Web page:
Friday, March 11, 2011

Inspiration Without Intervention

Daniel Henninger makes a neo-neocon argument for the U.S. doing more to support democracy in Libya and elsewhere in the Middle East, saying:
Soviet-era dissidents have said and written that among the things that sustained them was that their heads were filled with the ideas drawn from America's freedoms.
And yet note that we didn't send in troops.
Hat tip to John Bode

1 comment:

MK said...

As important as Reagan's words were to Soviet era dissidents, it's important to note a key difference between then and now. Perhaps Henninger does (as a non-subscriber, I couldn't read his entire post, only the first few sentences). In the Internet age, what President Obama's opponents are saying about him is much more visible than in Reagan's day. Things that some more agitated people perhaps used to mutter in barroom conversations now are splashed throughout the message boards associated with GOP and conservative sites. The right is much more timid than in Reagan's day, you don't the most important opinion leaders pushing back against some of the corrosive nonsense. Some even jump into the mud and add to it.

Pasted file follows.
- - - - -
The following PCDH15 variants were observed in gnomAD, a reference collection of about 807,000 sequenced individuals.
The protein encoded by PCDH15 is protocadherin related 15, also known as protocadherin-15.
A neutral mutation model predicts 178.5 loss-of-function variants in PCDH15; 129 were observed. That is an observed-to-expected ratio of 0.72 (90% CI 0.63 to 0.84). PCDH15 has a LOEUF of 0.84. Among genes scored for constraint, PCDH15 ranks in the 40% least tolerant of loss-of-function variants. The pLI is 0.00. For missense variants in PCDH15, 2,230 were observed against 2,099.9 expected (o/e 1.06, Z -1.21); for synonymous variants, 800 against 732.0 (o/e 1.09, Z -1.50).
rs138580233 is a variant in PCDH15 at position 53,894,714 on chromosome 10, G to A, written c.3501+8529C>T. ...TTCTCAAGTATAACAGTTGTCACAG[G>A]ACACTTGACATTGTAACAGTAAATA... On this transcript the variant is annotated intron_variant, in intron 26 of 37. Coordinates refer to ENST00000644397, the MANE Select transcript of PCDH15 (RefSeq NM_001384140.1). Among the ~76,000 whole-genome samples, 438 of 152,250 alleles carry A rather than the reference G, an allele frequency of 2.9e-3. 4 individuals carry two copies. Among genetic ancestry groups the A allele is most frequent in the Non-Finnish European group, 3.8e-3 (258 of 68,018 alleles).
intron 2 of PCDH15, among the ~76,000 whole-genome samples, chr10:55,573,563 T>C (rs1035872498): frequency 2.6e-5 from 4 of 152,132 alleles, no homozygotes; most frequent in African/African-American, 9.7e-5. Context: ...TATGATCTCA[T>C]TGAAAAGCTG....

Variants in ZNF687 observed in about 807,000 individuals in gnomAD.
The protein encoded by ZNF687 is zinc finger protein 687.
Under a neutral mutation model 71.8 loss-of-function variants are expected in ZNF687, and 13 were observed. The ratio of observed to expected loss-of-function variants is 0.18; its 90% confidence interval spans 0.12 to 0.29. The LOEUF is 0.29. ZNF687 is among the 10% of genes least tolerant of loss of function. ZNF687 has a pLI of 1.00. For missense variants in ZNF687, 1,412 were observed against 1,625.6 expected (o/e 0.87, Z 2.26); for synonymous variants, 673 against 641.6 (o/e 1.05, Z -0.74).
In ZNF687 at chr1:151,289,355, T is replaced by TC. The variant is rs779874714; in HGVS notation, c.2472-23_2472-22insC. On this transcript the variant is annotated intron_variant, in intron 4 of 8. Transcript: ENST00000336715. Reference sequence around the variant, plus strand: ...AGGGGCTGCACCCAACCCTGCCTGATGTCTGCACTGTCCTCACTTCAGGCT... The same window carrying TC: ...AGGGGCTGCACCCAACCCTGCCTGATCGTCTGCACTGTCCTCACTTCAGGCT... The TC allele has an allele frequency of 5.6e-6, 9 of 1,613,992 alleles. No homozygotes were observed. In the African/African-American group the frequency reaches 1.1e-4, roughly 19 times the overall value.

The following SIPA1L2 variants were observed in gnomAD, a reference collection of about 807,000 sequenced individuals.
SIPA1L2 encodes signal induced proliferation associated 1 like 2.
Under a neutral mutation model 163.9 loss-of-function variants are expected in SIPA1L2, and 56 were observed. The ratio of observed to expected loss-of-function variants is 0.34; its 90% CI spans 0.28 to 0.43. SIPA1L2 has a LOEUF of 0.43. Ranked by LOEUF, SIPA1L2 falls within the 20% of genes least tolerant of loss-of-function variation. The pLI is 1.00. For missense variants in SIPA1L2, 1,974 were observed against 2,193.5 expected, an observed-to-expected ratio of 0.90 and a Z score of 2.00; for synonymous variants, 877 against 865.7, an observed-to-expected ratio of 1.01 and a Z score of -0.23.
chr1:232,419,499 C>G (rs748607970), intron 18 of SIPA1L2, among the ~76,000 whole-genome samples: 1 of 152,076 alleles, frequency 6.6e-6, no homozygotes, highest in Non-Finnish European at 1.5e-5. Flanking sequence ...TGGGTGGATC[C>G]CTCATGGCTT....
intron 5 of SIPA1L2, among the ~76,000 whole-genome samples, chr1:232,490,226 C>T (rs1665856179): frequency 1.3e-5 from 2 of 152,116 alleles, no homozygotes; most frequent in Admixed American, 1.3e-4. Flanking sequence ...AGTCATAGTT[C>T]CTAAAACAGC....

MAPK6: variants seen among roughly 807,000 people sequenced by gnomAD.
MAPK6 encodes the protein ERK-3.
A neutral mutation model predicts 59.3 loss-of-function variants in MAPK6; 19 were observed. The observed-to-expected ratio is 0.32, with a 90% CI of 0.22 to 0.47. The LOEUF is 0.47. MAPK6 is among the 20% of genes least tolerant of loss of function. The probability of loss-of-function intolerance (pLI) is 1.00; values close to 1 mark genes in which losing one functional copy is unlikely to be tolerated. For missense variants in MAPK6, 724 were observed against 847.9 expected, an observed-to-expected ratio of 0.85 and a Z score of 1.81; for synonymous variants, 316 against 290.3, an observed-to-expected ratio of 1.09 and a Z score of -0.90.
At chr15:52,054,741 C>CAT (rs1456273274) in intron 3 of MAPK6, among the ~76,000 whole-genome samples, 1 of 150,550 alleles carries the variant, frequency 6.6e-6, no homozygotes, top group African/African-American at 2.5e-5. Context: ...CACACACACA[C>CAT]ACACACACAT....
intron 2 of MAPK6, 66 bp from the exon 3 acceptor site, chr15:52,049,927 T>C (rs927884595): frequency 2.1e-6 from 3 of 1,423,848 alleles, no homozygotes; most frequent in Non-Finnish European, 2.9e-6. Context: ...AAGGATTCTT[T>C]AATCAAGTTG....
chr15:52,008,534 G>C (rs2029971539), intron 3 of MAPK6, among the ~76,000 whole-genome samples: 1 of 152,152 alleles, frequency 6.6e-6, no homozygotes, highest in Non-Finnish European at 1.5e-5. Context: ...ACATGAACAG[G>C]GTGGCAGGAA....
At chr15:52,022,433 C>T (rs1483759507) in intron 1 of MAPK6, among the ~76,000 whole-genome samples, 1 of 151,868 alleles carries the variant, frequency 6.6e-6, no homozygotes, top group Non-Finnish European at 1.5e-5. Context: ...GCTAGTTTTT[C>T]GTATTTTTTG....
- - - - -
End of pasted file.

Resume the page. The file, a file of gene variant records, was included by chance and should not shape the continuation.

And then there are the polls that show half of GOP primary voters don't believe Obama is a natural born U.S. citizen or a Christian. These things signal -- as Rush Limbaugh actually has come out and said on some domestic policy issues -- don't listen to him, don't believe him, he doesn't mean what he says.

Whatever the current administration might say, it would be said in a much more corrosive atmosphere than in Reagan's day. There are an awful lot of people out there who don't seem to understand that in the way they argue policy differences between the parties, they're actually signally, "we don't believe in two parties." In my view, they're much less patriotic than people with similar views were in Reagan's day because they're largely tribal, rather nation oriented. Some even seem to be cheering for the U.S. to fail in everything it atttempts to do, something which used to be a charge thrown against the other side (the left).

It's a huge problem for the rightwing punditocracy, that anti-small d democratic vibe. I tend to laugh and dismiss as "sore looserism" the worst of the nonsense because I can see what's what lies at its core. (People unable to cope with election results that led to their party not being in control.) But to some extent, it might hurt us abroad because outsiders may not understand the calculation and seeming cycnicism that lies behind the statements that the Limbaugh-type radio guys make.